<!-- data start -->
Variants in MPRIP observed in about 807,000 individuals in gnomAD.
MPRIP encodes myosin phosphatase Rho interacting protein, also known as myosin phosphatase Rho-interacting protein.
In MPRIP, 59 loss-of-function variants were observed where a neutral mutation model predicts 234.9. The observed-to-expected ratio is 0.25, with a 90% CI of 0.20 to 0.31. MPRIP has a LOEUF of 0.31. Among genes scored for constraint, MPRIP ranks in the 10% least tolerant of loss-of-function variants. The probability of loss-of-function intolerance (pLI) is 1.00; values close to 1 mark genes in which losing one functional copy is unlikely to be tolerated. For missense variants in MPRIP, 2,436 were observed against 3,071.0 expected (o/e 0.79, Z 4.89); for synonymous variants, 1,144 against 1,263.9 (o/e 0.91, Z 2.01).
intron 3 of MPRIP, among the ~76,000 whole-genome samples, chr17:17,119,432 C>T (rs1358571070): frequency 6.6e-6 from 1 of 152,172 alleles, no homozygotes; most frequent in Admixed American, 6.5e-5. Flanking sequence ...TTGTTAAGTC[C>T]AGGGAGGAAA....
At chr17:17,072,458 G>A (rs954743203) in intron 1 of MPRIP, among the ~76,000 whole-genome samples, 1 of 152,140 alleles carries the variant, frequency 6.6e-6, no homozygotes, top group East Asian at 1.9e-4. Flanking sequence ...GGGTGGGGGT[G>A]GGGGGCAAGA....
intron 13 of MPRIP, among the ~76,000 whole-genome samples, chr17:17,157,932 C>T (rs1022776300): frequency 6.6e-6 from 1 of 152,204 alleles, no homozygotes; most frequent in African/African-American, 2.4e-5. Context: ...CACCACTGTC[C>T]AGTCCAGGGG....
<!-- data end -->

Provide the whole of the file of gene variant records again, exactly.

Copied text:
Variants in MPRIP observed in about 807,000 individuals in gnomAD.
MPRIP encodes myosin phosphatase Rho interacting protein, also known as myosin phosphatase Rho-interacting protein.
In MPRIP, 59 loss-of-function variants were observed where a neutral mutation model predicts 234.9. The observed-to-expected ratio is 0.25, with a 90% CI of 0.20 to 0.31. MPRIP has a LOEUF of 0.31. Among genes scored for constraint, MPRIP ranks in the 10% least tolerant of loss-of-function variants. The probability of loss-of-function intolerance (pLI) is 1.00; values close to 1 mark genes in which losing one functional copy is unlikely to be tolerated. For missense variants in MPRIP, 2,436 were observed against 3,071.0 expected (o/e 0.79, Z 4.89); for synonymous variants, 1,144 against 1,263.9 (o/e 0.91, Z 2.01).
intron 3 of MPRIP, among the ~76,000 whole-genome samples, chr17:17,119,432 C>T (rs1358571070): frequency 6.6e-6 from 1 of 152,172 alleles, no homozygotes; most frequent in Admixed American, 6.5e-5. Flanking sequence ...TTGTTAAGTC[C>T]AGGGAGGAAA....
At chr17:17,072,458 G>A (rs954743203) in intron 1 of MPRIP, among the ~76,000 whole-genome samples, 1 of 152,140 alleles carries the variant, frequency 6.6e-6, no homozygotes, top group East Asian at 1.9e-4. Flanking sequence ...GGGTGGGGGT[G>A]GGGGGCAAGA....
intron 13 of MPRIP, among the ~76,000 whole-genome samples, chr17:17,157,932 C>T (rs1022776300): frequency 6.6e-6 from 1 of 152,204 alleles, no homozygotes; most frequent in African/African-American, 2.4e-5. Context: ...CACCACTGTC[C>T]AGTCCAGGGG....